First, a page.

The higher "clomipramine/N-desmethylclomipramine ratio" among Japanese patients compared to Swedish patients implicating a more pronounced serotonergic than noradrenergic effect in Japanese patients. Lower oral clearance of clomipramine in Japanese patients compared with that in Swedish patients is not accounted for by the lower body weight in Japanese patients or by concomitant treatment with benzodiazepines and is likely to be an ethnic difference.
Plasma concentrations of clomipramine in Japanese patients were, on average, 1.7 to 2.2 times higher than in the Swedish patients, despite the fact that the average daily dose in the Japanese groups was lower.
Clearance: Japanese (-BDZ) = 12.7 l/h; Swedish (-BDZ) = 62.7 l/h; Japanese (+BDZ) = 18.1 l/h Swedish (+BDZ) = 56.5 l/h).Clearance values for clomipramine was correlated with ethnic group (p < 0.00001) and age (p < 0.0005), but not with gender, body weight, nor administration of benzodiazepines.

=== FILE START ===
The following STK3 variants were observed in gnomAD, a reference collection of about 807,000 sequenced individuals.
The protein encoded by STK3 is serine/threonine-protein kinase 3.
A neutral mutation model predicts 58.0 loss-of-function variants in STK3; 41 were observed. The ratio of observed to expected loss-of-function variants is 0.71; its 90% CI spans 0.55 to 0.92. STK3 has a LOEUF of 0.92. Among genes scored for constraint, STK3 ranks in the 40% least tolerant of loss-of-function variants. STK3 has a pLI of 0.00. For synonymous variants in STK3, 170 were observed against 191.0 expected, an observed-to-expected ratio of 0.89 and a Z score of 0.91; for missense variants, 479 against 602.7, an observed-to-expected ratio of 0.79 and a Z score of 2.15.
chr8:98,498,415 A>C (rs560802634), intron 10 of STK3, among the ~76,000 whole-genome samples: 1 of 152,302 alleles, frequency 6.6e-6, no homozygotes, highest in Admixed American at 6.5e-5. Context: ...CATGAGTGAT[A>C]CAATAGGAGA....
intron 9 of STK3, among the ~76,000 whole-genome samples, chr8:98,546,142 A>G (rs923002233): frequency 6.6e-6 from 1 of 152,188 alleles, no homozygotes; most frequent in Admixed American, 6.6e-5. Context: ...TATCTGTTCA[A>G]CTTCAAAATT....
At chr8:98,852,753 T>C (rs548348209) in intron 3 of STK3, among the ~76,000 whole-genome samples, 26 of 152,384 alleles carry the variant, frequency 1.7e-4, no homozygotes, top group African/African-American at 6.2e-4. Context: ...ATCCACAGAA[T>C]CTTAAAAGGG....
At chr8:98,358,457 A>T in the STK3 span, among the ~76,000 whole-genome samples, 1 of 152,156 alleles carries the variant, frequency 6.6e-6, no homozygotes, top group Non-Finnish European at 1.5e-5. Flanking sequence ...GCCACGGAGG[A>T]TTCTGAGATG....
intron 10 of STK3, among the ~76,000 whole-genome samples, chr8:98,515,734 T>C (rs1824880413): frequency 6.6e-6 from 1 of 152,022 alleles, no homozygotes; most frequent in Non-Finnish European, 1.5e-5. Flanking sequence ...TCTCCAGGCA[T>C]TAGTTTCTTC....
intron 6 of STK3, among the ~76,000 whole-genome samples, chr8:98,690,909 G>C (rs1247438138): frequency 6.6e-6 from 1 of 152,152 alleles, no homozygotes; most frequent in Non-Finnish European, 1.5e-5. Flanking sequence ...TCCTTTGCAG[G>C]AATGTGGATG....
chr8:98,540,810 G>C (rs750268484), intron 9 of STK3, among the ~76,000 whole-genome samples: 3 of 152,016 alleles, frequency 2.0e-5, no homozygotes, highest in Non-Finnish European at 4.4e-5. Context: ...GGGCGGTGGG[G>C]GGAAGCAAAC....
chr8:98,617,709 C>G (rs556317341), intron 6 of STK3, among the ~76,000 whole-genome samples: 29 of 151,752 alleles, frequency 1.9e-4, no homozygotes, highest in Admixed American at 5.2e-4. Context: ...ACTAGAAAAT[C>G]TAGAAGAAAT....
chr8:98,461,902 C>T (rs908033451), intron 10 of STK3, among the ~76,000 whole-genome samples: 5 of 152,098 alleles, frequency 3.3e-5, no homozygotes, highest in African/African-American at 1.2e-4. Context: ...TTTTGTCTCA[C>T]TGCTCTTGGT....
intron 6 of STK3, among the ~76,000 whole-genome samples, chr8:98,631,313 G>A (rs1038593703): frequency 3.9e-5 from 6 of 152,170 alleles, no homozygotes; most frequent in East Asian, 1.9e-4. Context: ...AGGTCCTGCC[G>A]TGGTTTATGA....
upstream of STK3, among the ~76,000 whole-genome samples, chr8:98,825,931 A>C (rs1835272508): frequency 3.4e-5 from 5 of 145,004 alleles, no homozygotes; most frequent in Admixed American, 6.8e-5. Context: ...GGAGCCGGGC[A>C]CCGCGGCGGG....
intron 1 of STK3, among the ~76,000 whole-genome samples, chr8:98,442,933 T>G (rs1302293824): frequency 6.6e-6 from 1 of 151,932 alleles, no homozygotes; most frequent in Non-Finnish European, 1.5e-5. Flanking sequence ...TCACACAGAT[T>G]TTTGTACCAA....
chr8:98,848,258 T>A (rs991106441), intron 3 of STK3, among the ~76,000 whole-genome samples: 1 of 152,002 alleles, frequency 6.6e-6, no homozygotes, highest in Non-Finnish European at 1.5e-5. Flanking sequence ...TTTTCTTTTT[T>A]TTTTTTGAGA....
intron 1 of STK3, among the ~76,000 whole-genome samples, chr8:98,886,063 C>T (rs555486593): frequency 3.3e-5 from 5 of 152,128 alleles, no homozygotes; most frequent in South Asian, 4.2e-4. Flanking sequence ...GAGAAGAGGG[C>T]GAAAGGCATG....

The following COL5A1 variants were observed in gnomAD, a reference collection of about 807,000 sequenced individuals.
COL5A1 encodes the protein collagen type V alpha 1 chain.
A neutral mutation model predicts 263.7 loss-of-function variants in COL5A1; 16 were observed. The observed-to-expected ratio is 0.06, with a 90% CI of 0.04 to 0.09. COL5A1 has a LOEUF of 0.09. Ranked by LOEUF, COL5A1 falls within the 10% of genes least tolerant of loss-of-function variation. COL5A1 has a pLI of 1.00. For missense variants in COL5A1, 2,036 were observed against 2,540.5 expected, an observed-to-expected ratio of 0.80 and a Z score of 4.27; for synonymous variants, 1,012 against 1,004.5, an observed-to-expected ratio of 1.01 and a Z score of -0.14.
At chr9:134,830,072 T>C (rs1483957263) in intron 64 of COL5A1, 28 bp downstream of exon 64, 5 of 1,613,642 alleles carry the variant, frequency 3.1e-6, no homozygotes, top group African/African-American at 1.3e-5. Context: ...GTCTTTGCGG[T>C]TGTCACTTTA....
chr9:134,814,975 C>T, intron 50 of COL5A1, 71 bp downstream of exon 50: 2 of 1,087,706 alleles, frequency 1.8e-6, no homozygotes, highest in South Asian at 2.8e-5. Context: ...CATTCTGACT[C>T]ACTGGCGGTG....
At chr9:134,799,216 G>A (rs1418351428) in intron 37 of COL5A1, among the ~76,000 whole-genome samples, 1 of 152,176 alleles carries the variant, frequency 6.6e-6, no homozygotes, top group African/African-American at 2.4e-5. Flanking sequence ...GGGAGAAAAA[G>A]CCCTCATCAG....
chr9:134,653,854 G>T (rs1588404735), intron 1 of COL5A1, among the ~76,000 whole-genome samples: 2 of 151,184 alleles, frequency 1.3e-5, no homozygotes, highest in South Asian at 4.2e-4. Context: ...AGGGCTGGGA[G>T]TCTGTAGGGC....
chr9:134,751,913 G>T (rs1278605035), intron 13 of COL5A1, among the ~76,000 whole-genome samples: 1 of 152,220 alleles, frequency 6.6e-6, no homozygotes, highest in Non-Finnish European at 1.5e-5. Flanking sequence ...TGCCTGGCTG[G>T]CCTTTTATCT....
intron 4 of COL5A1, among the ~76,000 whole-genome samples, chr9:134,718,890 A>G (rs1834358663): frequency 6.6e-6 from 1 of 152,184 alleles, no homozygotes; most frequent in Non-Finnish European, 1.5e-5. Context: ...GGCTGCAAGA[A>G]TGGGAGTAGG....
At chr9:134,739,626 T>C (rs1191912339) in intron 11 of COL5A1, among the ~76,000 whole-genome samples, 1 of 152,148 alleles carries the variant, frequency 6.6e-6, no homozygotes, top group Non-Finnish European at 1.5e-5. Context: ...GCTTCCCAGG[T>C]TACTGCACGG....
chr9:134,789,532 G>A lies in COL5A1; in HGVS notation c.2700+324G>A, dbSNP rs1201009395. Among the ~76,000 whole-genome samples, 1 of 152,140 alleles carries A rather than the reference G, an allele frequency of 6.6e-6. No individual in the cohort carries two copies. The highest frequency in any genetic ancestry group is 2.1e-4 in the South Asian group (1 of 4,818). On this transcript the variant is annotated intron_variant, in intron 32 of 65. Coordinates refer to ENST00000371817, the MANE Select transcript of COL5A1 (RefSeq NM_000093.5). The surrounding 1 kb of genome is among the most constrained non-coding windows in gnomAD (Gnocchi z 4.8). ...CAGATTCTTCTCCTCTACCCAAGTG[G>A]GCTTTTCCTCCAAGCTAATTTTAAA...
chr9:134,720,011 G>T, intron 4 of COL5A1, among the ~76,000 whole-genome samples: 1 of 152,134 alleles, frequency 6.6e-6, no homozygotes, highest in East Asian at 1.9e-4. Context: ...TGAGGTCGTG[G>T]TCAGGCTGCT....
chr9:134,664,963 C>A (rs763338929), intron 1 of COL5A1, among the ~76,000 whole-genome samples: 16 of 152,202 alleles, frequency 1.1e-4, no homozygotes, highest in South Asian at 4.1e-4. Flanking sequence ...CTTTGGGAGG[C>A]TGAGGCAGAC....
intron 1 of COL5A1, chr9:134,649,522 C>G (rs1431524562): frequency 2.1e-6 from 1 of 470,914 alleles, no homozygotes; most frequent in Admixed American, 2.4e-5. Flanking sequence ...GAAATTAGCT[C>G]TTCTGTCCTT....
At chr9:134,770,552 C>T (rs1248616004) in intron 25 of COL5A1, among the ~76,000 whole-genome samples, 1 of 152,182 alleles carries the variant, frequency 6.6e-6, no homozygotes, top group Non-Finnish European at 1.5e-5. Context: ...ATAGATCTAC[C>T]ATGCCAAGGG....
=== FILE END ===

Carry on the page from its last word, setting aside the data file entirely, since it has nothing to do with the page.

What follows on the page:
The Clomipramine/N-desmethylclomipramine plasma concentration ratios were 1.08 in Japanese patients receiving clomipramine monotherapy, 0.90 in Japanese patients receiving clomipramine plus BZDs, 0.51 in Swedish patients receiving clomipramine monotherapy, and 0.49 in Swedish patients receiving clomipramine plus BZDs.
N = 282; Japanese and Swedish patients. Japanese patients, 108, (12 monotherapy with clomipramine, 96 clomipramine and benzodiazepines); 174 Swedish patients (131 monotherapy with clompipramine, 43 c.omppramine and benzodiazepines). All patients were receiving continuous clomipramine treatment.
(Shimoda et al. 1999)